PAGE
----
DD: Yes of course! If you are transitioning home do not be fooled by how “easy” civilian life might look. You might be tempted to think: all these undisciplined, unfocused goofballs can do it, how hard could it be? It seems familiar, but realize this is a completely new world for you; everyone’s transition will be different, but we share a LOT of similar problems and issues. Get intelligently persistent about learning as much as you can, as fast as you can. Then, in my opinion, it is your responsibility and your duty to turn around and help our brothers and sisters who are struggling. Our community has a dreadful suicide rate, and we can just not sit by idly and shrug our shoulders. FIND someone, at least one person to help out. I can promise you, this will be one of the most rewarding things you will ever do in your life, and the positive lasting impact you will have can’t be fully understood…but it is awesome. I have a book for free for anyone in need - search ”Dogfighting Depression” or find a way to contact me and it is yours: no questions asked.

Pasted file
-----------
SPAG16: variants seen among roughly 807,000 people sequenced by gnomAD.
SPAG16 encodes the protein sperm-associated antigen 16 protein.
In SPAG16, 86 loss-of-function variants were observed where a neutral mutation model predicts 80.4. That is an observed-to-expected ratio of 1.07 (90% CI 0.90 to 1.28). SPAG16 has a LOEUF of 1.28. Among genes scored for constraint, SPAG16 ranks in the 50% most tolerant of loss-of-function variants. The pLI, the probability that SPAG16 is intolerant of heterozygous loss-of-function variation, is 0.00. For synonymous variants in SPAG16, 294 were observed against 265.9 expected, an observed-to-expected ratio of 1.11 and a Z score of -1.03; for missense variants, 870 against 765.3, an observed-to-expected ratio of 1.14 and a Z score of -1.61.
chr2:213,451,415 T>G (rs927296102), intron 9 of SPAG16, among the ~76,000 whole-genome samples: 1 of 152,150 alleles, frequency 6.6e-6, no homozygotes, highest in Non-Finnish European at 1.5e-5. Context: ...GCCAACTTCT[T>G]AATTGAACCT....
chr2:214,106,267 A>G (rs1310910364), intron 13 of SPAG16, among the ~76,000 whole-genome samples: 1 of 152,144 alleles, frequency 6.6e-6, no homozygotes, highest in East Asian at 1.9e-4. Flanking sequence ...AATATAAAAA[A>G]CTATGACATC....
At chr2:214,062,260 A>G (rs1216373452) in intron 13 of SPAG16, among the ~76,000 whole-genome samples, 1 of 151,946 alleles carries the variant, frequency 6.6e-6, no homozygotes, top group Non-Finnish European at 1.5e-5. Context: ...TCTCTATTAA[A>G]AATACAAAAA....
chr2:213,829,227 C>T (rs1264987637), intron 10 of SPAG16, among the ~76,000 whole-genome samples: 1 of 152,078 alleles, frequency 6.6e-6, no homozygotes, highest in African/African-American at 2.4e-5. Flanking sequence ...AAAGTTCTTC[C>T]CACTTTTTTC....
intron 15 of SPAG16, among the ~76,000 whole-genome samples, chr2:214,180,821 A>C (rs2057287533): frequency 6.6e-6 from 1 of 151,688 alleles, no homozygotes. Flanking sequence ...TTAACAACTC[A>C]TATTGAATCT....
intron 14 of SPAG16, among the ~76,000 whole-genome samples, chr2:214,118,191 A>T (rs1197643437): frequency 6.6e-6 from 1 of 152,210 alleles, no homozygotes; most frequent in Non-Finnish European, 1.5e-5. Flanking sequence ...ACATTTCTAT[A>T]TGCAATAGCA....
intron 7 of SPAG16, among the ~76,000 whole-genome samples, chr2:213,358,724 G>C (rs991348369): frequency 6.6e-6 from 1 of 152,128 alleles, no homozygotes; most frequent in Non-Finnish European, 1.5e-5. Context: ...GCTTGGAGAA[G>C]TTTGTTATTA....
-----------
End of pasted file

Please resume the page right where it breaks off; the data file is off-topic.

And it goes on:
CN: If you want something, ask. The worst thing that happens is you get a no and you’re in the same place you started. If you’re not in a location with easy networking options, start even earlier and be willing to make sacrifices. Interviewing at 5 am isn’t fun, but neither is not having a job when you transition.

The Q-Salute group at Qualtrics is made up of veterans, current National Guard and Reserve members, military partners, and supporters who are aligned by the mission to create a sanctuary of camaraderie, connection and mentoring for all veterans (both at Q and at large…) to ensure that we all have the resources to find success in the civilian world. The work of Q-Salute has earned Qualtrics recognition by Military Friendly as a Best Employer for Veterans and Military Partners.

To connect with Q-Salute please send us an email.

Qualtrics is growing, and if you want to discover more about Qualtrics, you can explore our open opportunities at any time by visiting our career page. Looking to discover the reasons “Why Qualtrics”? You can find a whole series here.

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Q Salute

Q Salute is driven by its focus on recruiting military talent into roles where they can accelerate their careers in tech/industry; retaining strong leaders with military backgrounds; engaging members of the internal/external military community; and harvesting value from Qualtrics’ military network.